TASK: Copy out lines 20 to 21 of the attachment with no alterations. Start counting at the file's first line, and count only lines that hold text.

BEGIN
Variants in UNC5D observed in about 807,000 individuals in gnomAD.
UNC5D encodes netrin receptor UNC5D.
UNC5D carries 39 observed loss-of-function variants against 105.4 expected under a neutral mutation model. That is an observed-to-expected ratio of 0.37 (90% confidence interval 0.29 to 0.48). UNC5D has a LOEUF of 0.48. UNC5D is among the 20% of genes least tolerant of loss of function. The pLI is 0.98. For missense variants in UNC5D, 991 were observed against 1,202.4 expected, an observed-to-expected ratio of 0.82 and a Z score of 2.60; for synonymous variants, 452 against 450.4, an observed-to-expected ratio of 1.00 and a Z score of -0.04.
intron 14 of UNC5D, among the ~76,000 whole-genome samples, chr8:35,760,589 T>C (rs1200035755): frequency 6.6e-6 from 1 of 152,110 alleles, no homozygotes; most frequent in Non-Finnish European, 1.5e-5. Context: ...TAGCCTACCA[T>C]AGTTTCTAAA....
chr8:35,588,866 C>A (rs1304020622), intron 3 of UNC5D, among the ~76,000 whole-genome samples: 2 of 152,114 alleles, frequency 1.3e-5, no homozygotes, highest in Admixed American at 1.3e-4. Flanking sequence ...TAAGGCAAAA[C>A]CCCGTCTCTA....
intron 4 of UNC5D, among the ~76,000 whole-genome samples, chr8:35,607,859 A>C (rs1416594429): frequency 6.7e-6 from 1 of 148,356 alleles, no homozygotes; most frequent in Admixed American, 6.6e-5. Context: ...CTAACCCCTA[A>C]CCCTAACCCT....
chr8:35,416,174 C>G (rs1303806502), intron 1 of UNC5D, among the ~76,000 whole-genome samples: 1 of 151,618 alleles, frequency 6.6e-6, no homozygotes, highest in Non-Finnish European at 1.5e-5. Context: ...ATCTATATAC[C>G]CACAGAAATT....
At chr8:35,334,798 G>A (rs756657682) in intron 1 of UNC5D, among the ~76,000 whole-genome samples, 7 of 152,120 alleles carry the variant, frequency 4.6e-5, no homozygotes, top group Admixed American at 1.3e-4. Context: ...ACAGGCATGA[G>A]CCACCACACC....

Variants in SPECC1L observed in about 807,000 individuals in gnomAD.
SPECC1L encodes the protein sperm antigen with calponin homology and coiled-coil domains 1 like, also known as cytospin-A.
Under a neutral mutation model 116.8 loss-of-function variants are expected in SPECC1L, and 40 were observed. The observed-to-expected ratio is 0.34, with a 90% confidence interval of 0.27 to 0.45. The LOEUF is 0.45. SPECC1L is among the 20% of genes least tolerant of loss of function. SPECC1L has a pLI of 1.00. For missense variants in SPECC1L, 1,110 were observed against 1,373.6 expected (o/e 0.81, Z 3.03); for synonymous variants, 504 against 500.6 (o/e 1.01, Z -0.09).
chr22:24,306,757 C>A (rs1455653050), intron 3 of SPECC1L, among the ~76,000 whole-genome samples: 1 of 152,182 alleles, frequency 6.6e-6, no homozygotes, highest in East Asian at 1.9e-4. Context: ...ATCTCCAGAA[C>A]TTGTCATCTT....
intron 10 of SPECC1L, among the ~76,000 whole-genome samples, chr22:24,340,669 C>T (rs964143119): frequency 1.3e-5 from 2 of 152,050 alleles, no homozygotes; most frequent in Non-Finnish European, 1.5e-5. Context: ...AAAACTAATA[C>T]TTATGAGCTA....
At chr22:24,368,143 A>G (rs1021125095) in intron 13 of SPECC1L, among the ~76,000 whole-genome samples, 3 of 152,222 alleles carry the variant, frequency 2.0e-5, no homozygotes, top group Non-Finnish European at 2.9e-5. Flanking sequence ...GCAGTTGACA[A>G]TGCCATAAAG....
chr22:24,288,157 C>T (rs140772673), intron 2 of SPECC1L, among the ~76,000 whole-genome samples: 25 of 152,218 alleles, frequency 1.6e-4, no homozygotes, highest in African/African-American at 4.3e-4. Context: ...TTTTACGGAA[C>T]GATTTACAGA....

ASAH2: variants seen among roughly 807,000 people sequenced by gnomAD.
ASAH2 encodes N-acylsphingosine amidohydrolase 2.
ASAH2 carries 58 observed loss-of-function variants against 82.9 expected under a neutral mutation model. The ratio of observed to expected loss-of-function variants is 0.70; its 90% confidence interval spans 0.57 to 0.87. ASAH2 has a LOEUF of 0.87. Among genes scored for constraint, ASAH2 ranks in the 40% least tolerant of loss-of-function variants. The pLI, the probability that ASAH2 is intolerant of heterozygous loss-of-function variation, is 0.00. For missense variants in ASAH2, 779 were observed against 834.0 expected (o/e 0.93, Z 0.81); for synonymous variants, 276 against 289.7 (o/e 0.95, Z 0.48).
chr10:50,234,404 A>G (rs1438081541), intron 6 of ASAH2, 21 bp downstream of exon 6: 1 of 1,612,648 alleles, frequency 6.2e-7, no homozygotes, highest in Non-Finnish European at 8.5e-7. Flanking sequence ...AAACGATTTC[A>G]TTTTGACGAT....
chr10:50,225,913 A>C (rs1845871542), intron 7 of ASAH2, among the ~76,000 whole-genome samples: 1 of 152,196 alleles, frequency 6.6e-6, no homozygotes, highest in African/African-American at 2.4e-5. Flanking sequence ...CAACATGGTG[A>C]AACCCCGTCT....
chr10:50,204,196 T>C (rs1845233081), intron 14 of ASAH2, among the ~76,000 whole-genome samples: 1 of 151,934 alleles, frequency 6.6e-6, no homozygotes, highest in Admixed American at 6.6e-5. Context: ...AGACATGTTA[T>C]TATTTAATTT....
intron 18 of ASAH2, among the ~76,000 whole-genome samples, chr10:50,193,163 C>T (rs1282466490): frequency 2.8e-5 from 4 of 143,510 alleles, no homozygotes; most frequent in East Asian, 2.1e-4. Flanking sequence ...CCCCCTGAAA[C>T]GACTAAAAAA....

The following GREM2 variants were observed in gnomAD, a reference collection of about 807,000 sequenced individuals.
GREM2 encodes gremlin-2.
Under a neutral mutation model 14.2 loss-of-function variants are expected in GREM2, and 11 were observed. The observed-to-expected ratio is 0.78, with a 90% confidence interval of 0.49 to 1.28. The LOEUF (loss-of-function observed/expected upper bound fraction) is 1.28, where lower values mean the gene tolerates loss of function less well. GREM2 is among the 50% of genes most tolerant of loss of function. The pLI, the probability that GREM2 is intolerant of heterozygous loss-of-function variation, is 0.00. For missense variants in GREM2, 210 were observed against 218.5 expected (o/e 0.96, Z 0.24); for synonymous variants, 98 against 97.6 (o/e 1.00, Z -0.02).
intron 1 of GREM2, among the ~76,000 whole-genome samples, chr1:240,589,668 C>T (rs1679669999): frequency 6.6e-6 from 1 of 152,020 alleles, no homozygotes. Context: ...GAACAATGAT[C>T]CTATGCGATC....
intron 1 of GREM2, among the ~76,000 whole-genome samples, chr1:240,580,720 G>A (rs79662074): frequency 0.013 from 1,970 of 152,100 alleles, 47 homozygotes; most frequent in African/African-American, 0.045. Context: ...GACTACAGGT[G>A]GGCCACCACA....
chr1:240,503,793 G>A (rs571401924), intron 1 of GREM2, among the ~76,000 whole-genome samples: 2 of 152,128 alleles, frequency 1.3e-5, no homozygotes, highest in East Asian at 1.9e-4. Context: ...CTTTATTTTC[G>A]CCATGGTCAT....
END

chr10:50,225,913 A>C (rs1845871542), intron 7 of ASAH2, among the ~76,000 whole-genome samples: 1 of 152,196 alleles, frequency 6.6e-6, no homozygotes, highest in African/African-American at 2.4e-5. Flanking sequence ...CAACATGGTG[A>C]AACCCCGTCT....
chr10:50,204,196 T>C (rs1845233081), intron 14 of ASAH2, among the ~76,000 whole-genome samples: 1 of 151,934 alleles, frequency 6.6e-6, no homozygotes, highest in Admixed American at 6.6e-5. Context: ...AGACATGTTA[T>C]TATTTAATTT....